"...business creativity is a little different from artistic creativity. A company is a group of individuals gathered together to solve a problem for other people. This helps to define what the true focus of business creativity should be: intense and lateral thinking about what could be missing from the lives of customers. Business creativity means skill at identifying and profitably meeting the needs (many of them unspoken and vague) of customers. Everything else – the factories, the technology, the logistics, the spreadsheets – is in a sense secondary to this aim; whatever efforts are subsequently lavished on execution, a business cannot succeed if it hasn’t zeroed in on a real, that is, sufficiently urgent, human requirement."


Visual Cues, Habits and Motivation

Progress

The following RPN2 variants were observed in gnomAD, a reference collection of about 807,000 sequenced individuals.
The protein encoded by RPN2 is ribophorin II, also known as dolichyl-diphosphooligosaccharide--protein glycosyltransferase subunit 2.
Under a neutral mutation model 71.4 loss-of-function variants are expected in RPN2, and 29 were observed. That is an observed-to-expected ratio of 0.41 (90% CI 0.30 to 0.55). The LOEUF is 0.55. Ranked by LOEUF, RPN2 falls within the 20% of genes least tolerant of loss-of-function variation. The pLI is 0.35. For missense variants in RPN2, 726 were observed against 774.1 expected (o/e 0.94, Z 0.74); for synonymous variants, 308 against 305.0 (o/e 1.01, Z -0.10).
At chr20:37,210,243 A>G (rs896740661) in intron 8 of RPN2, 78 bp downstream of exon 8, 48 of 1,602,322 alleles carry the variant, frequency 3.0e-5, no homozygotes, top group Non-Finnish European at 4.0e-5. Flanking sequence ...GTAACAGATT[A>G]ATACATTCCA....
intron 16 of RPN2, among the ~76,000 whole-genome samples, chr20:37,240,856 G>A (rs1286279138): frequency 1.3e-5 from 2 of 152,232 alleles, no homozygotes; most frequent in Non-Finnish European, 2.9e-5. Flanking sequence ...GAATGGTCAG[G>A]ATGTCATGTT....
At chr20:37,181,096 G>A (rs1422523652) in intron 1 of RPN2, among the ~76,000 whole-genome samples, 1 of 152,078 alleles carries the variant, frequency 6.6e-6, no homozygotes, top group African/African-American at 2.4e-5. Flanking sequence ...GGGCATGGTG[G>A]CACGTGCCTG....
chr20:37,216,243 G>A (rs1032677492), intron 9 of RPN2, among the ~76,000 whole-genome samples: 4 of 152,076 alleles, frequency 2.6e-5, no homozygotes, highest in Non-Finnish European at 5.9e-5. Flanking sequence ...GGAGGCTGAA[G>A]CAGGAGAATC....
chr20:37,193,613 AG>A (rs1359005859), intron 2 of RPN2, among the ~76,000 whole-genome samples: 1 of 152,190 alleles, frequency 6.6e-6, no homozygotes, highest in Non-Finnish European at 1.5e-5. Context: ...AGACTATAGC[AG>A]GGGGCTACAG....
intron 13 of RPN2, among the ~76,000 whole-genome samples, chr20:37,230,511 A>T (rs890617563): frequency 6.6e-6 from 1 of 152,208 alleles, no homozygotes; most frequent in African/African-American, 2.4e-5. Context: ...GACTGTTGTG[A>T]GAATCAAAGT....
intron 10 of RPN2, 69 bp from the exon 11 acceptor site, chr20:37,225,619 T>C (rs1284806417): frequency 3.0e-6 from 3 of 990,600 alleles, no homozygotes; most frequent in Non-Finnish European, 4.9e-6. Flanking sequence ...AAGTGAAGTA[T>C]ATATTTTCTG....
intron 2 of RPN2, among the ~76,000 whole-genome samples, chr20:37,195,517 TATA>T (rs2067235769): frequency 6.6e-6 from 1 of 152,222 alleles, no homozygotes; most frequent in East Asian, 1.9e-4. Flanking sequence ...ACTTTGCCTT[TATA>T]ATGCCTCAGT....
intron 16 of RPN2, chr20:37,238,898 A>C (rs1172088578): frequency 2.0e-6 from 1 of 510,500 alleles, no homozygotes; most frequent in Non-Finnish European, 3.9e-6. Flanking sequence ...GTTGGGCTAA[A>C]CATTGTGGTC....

My first job after University (which was actually a Polytechnic if you can remember back when there were such things) was selling space in recruitment directories. There was a recession on at the time (hence very few jobs for graduates with non-vocational degrees) and I kind of fell into it. But in many ways I think it was the best start I could have had. It was a telesales job, cold-calling businesses, selling them advertising space. I had to make at least 80 calls a day in order to reach a daily target minimum of 20 effective phone calls (ones that reached a decision-maker). I learned about how to persuade. I learned about persistence, I learned about the importance of listening. About matching benefits to needs. I learned how to sell. It's a skill that I think is fantastically useful.